Authored by: Durandal on Sep 22, '05 10:58:39AM
It's no surprise that Apple store the decimal representation of chmod permissions. NSNumber doesn't support reading in any base but 10. The framework probably has an internal function to convert the decimal into hex.

Damien Sorresso

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A bit more detail on 'Special Permissions' in Disk Utility
Authored by: exel on Sep 22, '05 02:02:50PM

There is no need to 'convert' it to hex. The decimal string is just parsed as an integer and that's what is used by the chmod() kernel call.

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A bit more detail on 'Special Permissions' in Disk Utility
Authored by: jb72 on Sep 22, '05 11:28:11PM
Errrr. What about this...
Is that a sign that I've been violated? (Yes I'm paranoid.)

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A bit more detail on 'Special Permissions' in Disk Utility
Authored by: exel on Sep 23, '05 10:56:02AM

That file belongs to php. It's perfectly harmless.

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A bit more detail on 'Special Permissions' in Disk Utility
Authored by: lavadude on Sep 30, '05 08:30:28AM

Let's hope it doesn't mean you've been violated, since I have the same string! And I also have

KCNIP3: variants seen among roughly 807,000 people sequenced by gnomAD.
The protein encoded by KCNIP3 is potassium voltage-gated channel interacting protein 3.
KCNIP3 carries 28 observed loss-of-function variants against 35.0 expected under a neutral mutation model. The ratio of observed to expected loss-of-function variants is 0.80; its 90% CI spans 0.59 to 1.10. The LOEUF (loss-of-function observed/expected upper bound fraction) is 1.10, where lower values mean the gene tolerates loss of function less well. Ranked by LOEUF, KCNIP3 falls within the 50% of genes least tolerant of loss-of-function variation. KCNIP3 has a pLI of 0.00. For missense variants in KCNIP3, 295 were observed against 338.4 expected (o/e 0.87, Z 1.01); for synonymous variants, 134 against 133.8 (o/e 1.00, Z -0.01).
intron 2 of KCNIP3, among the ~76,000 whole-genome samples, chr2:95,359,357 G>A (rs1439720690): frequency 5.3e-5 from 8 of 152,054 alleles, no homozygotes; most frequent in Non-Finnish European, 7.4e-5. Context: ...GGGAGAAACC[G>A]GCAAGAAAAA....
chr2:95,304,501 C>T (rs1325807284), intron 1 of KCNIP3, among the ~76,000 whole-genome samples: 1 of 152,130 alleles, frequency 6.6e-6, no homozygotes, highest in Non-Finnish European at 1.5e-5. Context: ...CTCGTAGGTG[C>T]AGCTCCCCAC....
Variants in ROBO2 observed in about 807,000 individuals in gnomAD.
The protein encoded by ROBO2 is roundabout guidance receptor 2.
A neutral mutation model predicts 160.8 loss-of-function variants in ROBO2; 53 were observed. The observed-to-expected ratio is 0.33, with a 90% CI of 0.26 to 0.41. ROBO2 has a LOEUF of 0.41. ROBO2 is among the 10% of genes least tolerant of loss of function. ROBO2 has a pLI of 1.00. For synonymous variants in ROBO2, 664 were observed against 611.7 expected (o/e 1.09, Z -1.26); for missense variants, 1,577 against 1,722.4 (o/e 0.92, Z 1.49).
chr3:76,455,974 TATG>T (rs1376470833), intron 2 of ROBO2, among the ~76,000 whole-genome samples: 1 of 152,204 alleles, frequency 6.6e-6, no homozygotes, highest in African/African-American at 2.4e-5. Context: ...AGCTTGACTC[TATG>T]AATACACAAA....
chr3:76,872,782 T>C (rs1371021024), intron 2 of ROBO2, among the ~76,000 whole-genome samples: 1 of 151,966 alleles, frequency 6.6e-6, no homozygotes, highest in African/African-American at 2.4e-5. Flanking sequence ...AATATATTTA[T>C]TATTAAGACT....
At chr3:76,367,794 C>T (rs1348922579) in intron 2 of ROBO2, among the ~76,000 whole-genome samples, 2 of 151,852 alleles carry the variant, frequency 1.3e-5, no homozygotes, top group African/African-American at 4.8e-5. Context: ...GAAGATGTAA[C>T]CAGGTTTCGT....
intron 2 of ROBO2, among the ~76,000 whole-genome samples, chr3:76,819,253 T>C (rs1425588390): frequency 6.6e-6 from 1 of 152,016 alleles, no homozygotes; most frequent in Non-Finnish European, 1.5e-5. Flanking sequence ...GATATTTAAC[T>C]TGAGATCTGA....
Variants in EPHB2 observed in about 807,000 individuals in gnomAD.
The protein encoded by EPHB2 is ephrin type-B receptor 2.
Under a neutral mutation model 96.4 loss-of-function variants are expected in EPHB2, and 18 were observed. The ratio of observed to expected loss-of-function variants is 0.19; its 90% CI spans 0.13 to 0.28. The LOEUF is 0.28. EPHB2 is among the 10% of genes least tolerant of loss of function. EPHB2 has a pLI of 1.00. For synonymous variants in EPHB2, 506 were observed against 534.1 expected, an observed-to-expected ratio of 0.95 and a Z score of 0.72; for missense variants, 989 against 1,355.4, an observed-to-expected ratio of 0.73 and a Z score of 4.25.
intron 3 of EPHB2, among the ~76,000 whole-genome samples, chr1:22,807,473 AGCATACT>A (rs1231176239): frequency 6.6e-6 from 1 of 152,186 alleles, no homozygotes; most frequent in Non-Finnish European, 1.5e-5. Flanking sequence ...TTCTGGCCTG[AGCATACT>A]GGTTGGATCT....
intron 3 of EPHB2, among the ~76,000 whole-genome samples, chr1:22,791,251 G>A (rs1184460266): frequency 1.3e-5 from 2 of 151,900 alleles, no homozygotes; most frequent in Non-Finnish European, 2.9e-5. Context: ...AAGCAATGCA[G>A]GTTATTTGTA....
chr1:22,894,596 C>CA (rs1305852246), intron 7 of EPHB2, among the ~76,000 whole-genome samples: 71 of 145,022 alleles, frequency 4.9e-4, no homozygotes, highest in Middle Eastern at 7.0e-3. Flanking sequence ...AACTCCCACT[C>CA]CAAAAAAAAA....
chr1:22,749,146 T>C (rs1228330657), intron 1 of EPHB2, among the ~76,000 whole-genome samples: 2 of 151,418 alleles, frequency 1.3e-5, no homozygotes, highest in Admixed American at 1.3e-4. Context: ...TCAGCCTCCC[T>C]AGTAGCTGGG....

Anyway, I'm still curious about the permission values and what they represent.

The numbers are decimal represenations of the octal values, but they're too big to match the standard modes, which top out at 4777 octal.

Common Unix chmod setting 0644 would be 420 decimal.
Common Unix chmod setting 0755 would be 493 decimal.
Common Unix chmod setting 4755 would be 2541 decimal.
Not common Unix chmod setting 4777 would be 2559 decimal, and it would be the largest value represented, according to the chmod man page (see man chmod

But if you look at the numbers in the file
you'll note the following about the numbers

16893 decimal is 40755 in octal.
33060 decimal is 100444 in octal.

So it looks to me like Apple extended the bits used to manage the file attributes all the way up to at least 18 bits.